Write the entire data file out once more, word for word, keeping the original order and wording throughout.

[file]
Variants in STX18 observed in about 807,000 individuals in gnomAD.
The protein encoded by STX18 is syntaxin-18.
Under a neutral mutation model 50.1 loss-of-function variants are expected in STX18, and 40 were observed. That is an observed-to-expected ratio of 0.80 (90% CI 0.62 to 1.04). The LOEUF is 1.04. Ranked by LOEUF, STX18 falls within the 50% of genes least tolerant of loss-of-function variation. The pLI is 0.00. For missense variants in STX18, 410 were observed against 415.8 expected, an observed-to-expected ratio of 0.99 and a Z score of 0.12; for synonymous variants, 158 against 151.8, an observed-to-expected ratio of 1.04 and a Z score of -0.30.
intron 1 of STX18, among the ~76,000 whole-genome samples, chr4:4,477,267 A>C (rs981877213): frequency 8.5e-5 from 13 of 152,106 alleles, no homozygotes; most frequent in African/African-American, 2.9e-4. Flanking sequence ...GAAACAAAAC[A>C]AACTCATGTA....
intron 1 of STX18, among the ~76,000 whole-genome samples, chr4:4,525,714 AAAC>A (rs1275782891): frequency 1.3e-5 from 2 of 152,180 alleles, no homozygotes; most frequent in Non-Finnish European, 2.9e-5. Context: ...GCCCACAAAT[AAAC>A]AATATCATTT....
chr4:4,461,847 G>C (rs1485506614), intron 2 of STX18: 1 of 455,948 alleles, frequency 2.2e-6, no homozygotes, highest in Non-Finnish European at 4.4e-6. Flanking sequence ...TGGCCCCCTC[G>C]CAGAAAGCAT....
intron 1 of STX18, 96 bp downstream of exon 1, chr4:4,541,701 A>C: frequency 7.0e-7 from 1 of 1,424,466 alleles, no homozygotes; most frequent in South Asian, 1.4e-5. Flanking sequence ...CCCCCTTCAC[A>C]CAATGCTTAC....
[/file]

Variants in STX18 observed in about 807,000 individuals in gnomAD.
The protein encoded by STX18 is syntaxin-18.
Under a neutral mutation model 50.1 loss-of-function variants are expected in STX18, and 40 were observed. That is an observed-to-expected ratio of 0.80 (90% CI 0.62 to 1.04). The LOEUF is 1.04. Ranked by LOEUF, STX18 falls within the 50% of genes least tolerant of loss-of-function variation. The pLI is 0.00. For missense variants in STX18, 410 were observed against 415.8 expected, an observed-to-expected ratio of 0.99 and a Z score of 0.12; for synonymous variants, 158 against 151.8, an observed-to-expected ratio of 1.04 and a Z score of -0.30.
intron 1 of STX18, among the ~76,000 whole-genome samples, chr4:4,477,267 A>C (rs981877213): frequency 8.5e-5 from 13 of 152,106 alleles, no homozygotes; most frequent in African/African-American, 2.9e-4. Flanking sequence ...GAAACAAAAC[A>C]AACTCATGTA....
intron 1 of STX18, among the ~76,000 whole-genome samples, chr4:4,525,714 AAAC>A (rs1275782891): frequency 1.3e-5 from 2 of 152,180 alleles, no homozygotes; most frequent in Non-Finnish European, 2.9e-5. Context: ...GCCCACAAAT[AAAC>A]AATATCATTT....
chr4:4,461,847 G>C (rs1485506614), intron 2 of STX18: 1 of 455,948 alleles, frequency 2.2e-6, no homozygotes, highest in Non-Finnish European at 4.4e-6. Flanking sequence ...TGGCCCCCTC[G>C]CAGAAAGCAT....
intron 1 of STX18, 96 bp downstream of exon 1, chr4:4,541,701 A>C: frequency 7.0e-7 from 1 of 1,424,466 alleles, no homozygotes; most frequent in South Asian, 1.4e-5. Flanking sequence ...CCCCCTTCAC[A>C]CAATGCTTAC....